The NFL’s Most and Least Efficient Shotgun Running Backs

Brace Hemmelgarn – USA TODAY

Almost one year ago, I posted this article analyzing the efficiency of the shotgun formation in the NFL. I found that the frequency of the shotgun formation has sharply increased over the past ten years, along with the efficiency of passing outside of the shotgun formation.

The theory I posed to explain the discrepancy between passing efficient in and outside of shotgun formation was that defenses are more likely to expect a passing play when the quarterback is lined up 5-7 yards away from the center. After all, 79.5% of offensive plays from the shotgun formation since 1999 have resulted in passes. It would make sense for the defense to prepare for the quarterback to drop back and pass.

If this theory were to be true, it would also make sense for rushing to be more efficient in the shotgun formation because the defense is expecting a pass. And it is: since 1999, designed run plays gain an average of 4.71 yards per carry from the shotgun and just 4.05 yards otherwise. Running plays from the shotgun formation add approximately -0.044 expected points, versus -0.088 expected points in other formations. Running isn’t incredibly efficient in general, but it is more efficient from the shotgun.

Well, for most players. Adrian Peterson is widely regarded as one of the best rushers in league history. His 2012 MVP campaign is arguably the all-time greatest single-season performance from a running back. However, one of the biggest criticisms of his on-field performance is his ineffectiveness in the shotgun formation. Through Peterson’s career, he has gained an average of 4.71 yards on rushes when the offense isn’t lined up in shotgun formation. When opposing defense are more likely to anticipate a pass, Peterson’s rushing efficiency actually plummets to a mere 3.85 yards per carry.

Is Adrian Peterson the most extreme example of a running back who under performs in the shotgun formation? And which rushers are at their best when the quarterback isn’t lined up under center? To find out, I determined each running back’s average Expected Points Added (EPA) on carries out of the shotgun formation along with their separate EPA on carries from under center. The data goes back as far as 1999, but due to running in the shotgun formation not being prominent prior to the past decade, most of the eligible players are active players.

The straight line through the center of the graph is the line y = x. If a player is directly on that line, they are equally as efficient on shotgun runs as they are on runs from under the center. Alvin Kamara is the only real example of this. Kamara and Jamal Charles are the only two players to average a positive EPA on both types of runs.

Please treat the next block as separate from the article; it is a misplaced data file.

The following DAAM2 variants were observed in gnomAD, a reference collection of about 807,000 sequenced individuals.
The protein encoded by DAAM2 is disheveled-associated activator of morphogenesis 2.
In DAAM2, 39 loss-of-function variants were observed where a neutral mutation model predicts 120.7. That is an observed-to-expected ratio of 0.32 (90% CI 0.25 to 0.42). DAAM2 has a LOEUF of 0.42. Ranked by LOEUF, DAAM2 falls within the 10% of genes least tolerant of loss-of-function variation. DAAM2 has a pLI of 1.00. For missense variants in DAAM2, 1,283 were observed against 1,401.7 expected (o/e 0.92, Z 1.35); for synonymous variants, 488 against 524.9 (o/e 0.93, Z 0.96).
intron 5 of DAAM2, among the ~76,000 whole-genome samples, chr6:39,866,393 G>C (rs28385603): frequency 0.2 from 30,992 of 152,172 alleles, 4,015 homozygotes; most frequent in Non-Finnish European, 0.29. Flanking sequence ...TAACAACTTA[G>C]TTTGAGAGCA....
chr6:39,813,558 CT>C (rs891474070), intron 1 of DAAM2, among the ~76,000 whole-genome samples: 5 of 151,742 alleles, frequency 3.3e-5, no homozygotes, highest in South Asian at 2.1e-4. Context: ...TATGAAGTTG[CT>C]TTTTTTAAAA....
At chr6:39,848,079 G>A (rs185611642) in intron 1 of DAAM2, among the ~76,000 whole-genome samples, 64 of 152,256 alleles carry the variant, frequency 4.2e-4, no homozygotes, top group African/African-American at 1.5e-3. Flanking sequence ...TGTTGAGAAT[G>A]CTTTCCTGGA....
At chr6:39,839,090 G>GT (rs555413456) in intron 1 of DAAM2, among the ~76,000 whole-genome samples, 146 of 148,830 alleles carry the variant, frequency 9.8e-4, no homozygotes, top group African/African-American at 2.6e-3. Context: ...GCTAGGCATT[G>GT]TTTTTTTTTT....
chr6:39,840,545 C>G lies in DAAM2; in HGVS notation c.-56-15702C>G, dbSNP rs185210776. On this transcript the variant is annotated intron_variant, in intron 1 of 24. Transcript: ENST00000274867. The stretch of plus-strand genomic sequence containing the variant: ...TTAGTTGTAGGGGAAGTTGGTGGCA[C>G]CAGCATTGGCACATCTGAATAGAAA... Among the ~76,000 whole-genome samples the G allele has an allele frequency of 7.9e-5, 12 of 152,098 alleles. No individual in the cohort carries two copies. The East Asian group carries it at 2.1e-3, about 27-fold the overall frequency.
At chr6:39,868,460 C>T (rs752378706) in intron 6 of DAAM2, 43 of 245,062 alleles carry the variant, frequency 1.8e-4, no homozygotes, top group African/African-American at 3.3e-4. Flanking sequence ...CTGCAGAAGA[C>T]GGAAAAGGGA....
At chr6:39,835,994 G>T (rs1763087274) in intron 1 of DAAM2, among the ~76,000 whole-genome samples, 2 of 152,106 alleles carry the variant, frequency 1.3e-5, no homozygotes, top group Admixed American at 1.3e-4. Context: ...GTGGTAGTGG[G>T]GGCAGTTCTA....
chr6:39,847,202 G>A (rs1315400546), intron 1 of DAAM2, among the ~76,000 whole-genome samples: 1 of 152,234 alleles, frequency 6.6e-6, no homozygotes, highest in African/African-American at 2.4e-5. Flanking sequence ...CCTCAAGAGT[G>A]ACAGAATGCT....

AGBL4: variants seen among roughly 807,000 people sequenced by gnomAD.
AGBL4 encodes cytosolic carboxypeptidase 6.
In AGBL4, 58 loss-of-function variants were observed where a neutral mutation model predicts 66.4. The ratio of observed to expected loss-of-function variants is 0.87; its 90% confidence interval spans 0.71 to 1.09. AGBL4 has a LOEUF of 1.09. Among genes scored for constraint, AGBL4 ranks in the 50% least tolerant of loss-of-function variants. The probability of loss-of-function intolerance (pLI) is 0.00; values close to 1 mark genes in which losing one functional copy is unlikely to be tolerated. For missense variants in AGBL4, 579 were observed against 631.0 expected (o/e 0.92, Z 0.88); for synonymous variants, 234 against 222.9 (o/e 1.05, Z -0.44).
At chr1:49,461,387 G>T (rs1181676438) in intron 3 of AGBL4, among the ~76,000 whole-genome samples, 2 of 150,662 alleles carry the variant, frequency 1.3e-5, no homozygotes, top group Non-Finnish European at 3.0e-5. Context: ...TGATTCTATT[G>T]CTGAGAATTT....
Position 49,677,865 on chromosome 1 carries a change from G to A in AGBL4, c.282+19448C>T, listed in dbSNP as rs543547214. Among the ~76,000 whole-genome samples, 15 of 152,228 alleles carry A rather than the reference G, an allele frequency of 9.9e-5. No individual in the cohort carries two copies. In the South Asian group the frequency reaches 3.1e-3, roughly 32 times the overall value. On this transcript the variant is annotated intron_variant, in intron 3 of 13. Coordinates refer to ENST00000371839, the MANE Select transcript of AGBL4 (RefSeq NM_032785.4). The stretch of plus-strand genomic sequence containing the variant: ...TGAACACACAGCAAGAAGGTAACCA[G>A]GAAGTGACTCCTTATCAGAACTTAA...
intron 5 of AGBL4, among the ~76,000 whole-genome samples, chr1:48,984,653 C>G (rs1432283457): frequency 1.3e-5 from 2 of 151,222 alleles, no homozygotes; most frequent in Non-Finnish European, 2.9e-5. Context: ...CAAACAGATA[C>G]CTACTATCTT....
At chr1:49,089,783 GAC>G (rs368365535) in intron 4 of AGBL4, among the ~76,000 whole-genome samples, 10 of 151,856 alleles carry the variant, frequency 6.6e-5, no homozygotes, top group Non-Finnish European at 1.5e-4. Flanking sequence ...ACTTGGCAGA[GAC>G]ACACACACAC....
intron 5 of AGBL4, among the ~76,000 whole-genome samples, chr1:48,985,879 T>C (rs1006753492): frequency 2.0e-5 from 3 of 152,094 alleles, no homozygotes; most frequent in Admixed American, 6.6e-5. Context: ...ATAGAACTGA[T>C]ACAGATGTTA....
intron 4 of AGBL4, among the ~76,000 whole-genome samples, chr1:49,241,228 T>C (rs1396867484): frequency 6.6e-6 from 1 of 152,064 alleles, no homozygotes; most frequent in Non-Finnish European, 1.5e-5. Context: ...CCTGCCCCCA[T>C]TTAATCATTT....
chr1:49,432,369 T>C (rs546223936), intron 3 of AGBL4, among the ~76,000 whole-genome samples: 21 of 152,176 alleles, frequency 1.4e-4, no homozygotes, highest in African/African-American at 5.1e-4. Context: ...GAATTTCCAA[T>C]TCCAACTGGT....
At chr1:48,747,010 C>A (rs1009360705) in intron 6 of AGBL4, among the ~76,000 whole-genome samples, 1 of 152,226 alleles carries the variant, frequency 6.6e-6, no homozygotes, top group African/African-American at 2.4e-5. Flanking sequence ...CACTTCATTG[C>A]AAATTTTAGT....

The players to the right of the straight line are more efficient shotgun runners. Marlon Mack is by far the best runner in the shotgun formation since 1999. The top three is rounded out by Kareem Hunt and Alvin Kamara.

On the left, you see the players that are better at runs from under the center than from the shotgun formation. As expected, Adrian Peterson is among those names. But an even greater disparity is seen with Todd Gurley, something that I was not personally aware of.

The bottom left of the graph is obviously where no running back wants to be — awful efficiency on both types of runs. It’s amazing to think that Trent Richardson was the third overall selection in the 2012 NFL Draft. What a legendary bust. He’s the worst shotgun runner since 1999 and one of the worst runners from under center, but not the worst. That titles belongs to Carlos Hyde.

Also, notice that large clump of unlabeled points directly to the right of the line. This group demonstrates the fact that the straight line is not the line of best-fit because, as previously discussed, shotgun runs tend to be more efficient. So, more players are better at shotgun runs than under center runs than vice versa.

As the NFL shifts to becoming more shotgun-oriented, running backs like Adrian Peterson are becoming less valuable. Players like Alvin Kamara or Christian McCaffrey are the prototype of the modern day back. Someone who can run from different formations and be of value on passing downs is exactly what NFL teams need. Not the one-trick ponies of the past.


Notify of